The term quantum defect refers to two concepts: energy loss in lasers and energy levels in alkali elements. Both deal with quantum systems where matter interacts with light.

In laser science

In laser science, the term "quantum defect" refers to the fact that the energy of a pump photon is generally higher than that of a signal photon (photon of the output radiation). The energy difference is lost to heat, which may carry away the excess entropy delivered by the multimode incoherent pump.

The quantum defect of a laser can be defined as part of the energy of the pumping photon, which is lost (not turned into photons at the lasing wavelength) in the gain medium at the lasing.[1] At given frequency of pump and given frequency of lasing, the quantum defect . Such quantum defect has dimension of energy; for the efficient operation, the temperature of the gain medium (measured in units of energy) should be small compared to the quantum defect.

At a fixed pump frequency, the higher the quantum defect, the lower is the upper bound for the power efficiency.

In hydrogenic atoms

In an idealized Bohr model alkali atom (such as sodium, pictured here), the single outer-shell electron stays outside the ionic core and it would be expected to behave just as if in the same orbital of a hydrogen atom.

The quantum defect of an alkali atom refers to a correction to the energy levels predicted by the classic calculation of the hydrogen wavefunction. A simple model of the potential experienced by the single valence electron of an alkali atom is that the ionic core acts as a point charge with effective charge e and the wavefunctions are hydrogenic. However, the structure of the ionic core alters the potential at small radii.[2]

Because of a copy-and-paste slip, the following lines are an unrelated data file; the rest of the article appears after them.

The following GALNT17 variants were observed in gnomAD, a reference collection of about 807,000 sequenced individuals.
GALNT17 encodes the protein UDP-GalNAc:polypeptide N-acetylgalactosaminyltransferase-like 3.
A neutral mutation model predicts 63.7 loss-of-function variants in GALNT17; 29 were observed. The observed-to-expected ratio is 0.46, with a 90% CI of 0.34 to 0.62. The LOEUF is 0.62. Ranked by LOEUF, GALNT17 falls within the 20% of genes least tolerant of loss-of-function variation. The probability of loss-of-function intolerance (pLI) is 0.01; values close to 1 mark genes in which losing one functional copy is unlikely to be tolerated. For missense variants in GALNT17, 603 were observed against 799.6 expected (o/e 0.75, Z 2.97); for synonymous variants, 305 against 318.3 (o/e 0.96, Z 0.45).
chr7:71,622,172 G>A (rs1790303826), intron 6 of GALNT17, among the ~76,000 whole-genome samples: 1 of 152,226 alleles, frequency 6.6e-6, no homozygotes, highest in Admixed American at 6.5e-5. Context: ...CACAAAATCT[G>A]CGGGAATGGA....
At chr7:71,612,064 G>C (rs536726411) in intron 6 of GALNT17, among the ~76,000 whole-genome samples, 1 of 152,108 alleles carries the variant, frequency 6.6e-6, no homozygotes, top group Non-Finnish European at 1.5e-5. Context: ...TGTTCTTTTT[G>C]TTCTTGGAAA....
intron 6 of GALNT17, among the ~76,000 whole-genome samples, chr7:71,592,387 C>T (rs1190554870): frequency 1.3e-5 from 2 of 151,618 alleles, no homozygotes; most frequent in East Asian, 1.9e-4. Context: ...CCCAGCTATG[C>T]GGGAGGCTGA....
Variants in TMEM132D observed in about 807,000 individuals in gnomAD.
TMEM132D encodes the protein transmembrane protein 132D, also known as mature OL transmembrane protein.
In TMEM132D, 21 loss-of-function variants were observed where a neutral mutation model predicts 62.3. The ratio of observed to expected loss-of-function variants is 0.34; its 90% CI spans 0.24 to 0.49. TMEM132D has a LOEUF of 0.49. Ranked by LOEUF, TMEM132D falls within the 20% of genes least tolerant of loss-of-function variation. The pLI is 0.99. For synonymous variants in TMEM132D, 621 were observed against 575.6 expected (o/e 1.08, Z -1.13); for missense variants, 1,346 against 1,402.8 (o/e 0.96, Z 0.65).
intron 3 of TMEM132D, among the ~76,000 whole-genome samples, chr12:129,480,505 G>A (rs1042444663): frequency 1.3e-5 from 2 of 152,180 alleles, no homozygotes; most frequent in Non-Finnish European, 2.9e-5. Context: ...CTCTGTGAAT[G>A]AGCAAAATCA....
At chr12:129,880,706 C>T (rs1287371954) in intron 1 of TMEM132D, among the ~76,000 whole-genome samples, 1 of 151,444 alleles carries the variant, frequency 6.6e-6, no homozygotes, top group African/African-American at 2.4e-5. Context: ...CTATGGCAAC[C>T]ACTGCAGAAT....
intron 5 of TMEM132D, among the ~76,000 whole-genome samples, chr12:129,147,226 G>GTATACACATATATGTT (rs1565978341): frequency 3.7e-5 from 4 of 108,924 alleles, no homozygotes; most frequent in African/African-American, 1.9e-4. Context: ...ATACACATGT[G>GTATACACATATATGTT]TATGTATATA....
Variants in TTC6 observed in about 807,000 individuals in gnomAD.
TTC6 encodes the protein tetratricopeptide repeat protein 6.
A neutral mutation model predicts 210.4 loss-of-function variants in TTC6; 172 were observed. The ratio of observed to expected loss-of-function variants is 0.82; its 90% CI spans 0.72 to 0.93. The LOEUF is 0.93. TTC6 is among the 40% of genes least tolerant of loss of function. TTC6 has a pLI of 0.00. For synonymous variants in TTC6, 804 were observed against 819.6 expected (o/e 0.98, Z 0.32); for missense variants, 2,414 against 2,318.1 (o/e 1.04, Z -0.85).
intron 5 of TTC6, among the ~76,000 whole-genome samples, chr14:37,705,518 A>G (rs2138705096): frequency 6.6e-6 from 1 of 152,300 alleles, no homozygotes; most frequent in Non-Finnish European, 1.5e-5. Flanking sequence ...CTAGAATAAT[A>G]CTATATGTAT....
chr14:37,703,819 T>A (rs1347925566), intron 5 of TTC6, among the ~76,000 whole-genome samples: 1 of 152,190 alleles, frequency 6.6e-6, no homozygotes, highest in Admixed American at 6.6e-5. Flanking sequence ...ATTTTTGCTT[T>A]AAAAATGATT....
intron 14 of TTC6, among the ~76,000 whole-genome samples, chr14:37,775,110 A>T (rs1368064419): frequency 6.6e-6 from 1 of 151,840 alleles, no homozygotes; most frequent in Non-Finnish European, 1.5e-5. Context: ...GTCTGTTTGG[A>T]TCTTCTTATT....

The 1/r potential in the hydrogen atom leads to an electron binding energy given by

,

where R is the Rydberg constant, h is Planck's constant, c is the speed of light and n is the principal quantum number.

For alkali atoms with small orbital angular momentum, the wavefunction of the valence electron is non-negligible in the ion core where the screened Coulomb potential with an effective charge of e no longer describes the potential. The spectrum is still described well by the Rydberg formula with an angular momentum dependent quantum defect, δl:

.

The largest shifts occur when the orbital angular momentum is equal to 0 (normally labelled 's') and these are shown in the table for the alkali metals:[3]

Element Configuration n-δs δs
Li 2s 1.59 0.41
Na 3s 1.63 1.37
K 4s 1.77 2.23
Rb 5s 1.81 3.19
Cs 6s 1.87 4.13

See also

References

  1. ^ T.Y.Fan (1993). "Heat generation in Nd:YAG and Yb:YAG". IEEE Journal of Quantum Electronics. 29 (6): 1457–1459. Bibcode:1993IJQE...29.1457F. doi:10.1109/3.234394.
  2. ^ http://www.phy.davidson.edu/StuHome/joesten/IntLab/final/rydberg.htm, Rydberg Atoms and the Quantum Defect at the site of Davidson College, Physics department
  3. ^ C.J.Foot, Atomic Physics, Oxford University Press, ISBN 978-0-19-850695-9